22-sutherland.ppt

791 views

Published on

0 Comments
0 Likes
Statistics
Notes
  • Be the first to comment

  • Be the first to like this

No Downloads
Views
Total views
791
On SlideShare
0
From Embeds
0
Number of Embeds
3
Actions
Shares
0
Downloads
12
Comments
0
Likes
0
Embeds 0
No embeds

No notes for slide

22-sutherland.ppt

  1. 1. Open Source Routing, Firewalls and Traffic Shaping Russell Sutherland Computing and Networking Services University of Toronto [email_address]
  2. 2. Reference URLs for Tree Huggers <ul><li>This presentation </li></ul><ul><ul><li>http://madhaus.cns.utoronto.ca/~russ/canheit2004/ </li></ul></ul><ul><li>Routing </li></ul><ul><ul><li>http://www.quagga.net/ </li></ul></ul><ul><ul><li>http://www.xorp.net/ </li></ul></ul><ul><ul><li>http://latrc.org/ </li></ul></ul><ul><li>Traffic Shaping </li></ul><ul><ul><li>Linux http://tcng.sourceforge.net/ </li></ul></ul><ul><ul><li>FreeBSD http://info.iet.unipi.it/~luigi/ip_dummynet/ </li></ul></ul><ul><li>Packet Filtering </li></ul><ul><ul><li>Linux (iptables) http://www.netfilter.org/ </li></ul></ul><ul><ul><li>FreeBSD (ipfw) http://www.freebsd.org/ </li></ul></ul><ul><ul><li>OpenBSD (pf) http://www.benzedrine.cx/pf.html </li></ul></ul>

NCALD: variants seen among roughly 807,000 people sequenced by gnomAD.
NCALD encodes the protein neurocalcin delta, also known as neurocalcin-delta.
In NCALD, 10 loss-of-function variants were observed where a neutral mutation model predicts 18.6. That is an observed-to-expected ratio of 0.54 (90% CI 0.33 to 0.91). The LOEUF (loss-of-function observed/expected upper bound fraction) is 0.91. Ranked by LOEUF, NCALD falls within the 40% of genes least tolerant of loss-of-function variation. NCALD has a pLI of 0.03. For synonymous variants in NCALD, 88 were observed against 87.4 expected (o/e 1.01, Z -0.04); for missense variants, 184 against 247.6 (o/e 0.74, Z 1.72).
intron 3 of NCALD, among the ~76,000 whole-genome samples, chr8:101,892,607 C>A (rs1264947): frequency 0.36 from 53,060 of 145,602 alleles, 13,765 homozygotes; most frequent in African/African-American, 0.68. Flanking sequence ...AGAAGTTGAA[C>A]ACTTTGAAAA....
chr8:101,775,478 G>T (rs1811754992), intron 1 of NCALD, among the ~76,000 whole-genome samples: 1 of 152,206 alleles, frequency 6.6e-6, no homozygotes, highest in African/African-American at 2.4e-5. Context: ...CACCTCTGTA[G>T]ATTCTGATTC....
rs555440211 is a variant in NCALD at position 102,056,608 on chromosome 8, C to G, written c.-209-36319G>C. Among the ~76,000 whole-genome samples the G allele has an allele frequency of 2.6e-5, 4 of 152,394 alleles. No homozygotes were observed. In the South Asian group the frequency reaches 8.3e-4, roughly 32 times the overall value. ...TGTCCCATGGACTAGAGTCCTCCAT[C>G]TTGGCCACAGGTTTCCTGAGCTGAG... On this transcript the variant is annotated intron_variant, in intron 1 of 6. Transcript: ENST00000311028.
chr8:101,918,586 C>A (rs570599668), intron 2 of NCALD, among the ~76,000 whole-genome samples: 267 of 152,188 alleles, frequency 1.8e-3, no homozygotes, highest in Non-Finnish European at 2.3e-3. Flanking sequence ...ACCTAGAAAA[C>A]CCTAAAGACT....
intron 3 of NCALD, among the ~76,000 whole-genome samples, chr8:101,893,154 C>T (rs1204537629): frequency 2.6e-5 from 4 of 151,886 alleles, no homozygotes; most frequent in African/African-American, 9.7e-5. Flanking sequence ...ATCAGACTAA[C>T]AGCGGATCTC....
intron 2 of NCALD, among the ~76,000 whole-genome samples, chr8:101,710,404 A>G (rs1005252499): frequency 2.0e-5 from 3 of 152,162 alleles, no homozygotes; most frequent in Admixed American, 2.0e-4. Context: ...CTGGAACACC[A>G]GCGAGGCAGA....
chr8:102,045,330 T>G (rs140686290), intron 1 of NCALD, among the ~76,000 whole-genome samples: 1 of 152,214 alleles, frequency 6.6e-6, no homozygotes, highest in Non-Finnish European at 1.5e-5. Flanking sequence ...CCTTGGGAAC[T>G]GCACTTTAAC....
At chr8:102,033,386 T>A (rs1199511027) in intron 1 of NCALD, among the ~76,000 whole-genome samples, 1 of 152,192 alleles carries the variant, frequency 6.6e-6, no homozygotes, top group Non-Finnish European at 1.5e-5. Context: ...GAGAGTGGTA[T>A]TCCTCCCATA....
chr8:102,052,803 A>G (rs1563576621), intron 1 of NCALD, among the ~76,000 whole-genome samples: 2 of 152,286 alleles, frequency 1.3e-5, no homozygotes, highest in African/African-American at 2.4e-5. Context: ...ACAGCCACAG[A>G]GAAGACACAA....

3. 3. Routing Chronology <ul><li>1984 BSD 4.2 ships with routed (RIPv1) </li></ul><ul><li>1986 Fuzz Ball PDP-11 NSFNet Routers </li></ul><ul><li>1988 Age of dedicated routing machines </li></ul><ul><ul><li>Cisco, Proteon, Wellfleet, ACC </li></ul></ul><ul><li>1992 Gated Consortium Formed </li></ul><ul><li>1996 GNU Zebra </li></ul><ul><li>2002 Quagga, XORP </li></ul>